OK, enough about controversial topics for the time being. Last week, thanks to a link to this post included in my daily Google alert for the word "Judaism" (more some other time about that treasure trove of an email), I discovered this wonderful site:
Hebrew Audio Bible
They're spoken audio files of the entire Tanakh, recorded many years ago by Abraham Shmuelof, who died in 1994. He had a fascinating life—born in Jerusalem, fought with Menachem Begin in the Irgun, taken prisoner of war in 1941, converted to Catholicism, became a Benedictine monk in 1948. He subsequently joined the Greek Catholic Church, and was ordained as a priest in 1956. He may have changed religions but never lost his passion for Hebrew language and liturgy, as proven by these recordings.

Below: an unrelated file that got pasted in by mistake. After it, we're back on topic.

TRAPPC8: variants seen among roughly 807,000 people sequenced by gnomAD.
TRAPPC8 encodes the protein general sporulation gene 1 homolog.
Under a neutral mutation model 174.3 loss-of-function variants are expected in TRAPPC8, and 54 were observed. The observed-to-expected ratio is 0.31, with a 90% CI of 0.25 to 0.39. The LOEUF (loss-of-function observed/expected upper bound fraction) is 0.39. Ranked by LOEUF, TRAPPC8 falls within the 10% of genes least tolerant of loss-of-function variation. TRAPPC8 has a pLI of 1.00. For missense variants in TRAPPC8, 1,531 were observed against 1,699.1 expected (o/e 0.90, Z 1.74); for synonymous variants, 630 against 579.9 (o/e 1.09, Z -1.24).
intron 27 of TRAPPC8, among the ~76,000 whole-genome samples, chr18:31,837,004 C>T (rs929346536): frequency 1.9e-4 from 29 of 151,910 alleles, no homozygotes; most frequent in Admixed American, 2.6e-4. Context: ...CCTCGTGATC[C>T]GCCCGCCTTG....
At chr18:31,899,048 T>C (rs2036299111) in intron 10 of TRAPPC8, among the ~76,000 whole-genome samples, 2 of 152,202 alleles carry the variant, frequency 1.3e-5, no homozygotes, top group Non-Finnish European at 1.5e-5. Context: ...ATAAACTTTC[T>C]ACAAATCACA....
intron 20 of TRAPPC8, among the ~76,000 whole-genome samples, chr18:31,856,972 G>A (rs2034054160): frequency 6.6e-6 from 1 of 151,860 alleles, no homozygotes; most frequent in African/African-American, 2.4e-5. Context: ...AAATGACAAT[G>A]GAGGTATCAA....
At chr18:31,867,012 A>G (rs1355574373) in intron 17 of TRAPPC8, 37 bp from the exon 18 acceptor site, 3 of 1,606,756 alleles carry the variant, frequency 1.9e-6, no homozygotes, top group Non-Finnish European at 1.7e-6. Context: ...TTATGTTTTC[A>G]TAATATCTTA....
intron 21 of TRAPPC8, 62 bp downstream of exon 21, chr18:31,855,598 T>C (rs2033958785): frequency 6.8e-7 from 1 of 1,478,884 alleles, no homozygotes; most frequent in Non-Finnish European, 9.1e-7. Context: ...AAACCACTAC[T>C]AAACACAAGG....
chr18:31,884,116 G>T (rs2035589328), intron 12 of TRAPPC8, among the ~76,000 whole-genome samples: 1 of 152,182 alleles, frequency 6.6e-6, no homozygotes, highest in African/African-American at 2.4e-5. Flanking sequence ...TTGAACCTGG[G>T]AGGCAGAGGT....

I had heard some of them before on the Mechon-Mamre site, but didn't pay much attention—they were just some old guy speaking Hebrew, a diversion from the cool online tikkun. Revisiting these MP3s on the easier-to-navigate Audio Bible site, I discovered how conversational and nuanced this reading is—he understands every word and so tells the story, rather than simply reciting it. There's something uncanny about ancient Hebrew sounding so much like a living language; it's beautiful and even chilling in spots. I listened to the section I chanted last week and came away with a new understanding of how to phrase (even though the trop does most of that on its own) and convey the gravity and elegance of these words.
I can't wait for the weather to get a little warmer so I can bring up the site on my iPod, put on headphones, and take a long walk in the park as the Torah resonates in my ears.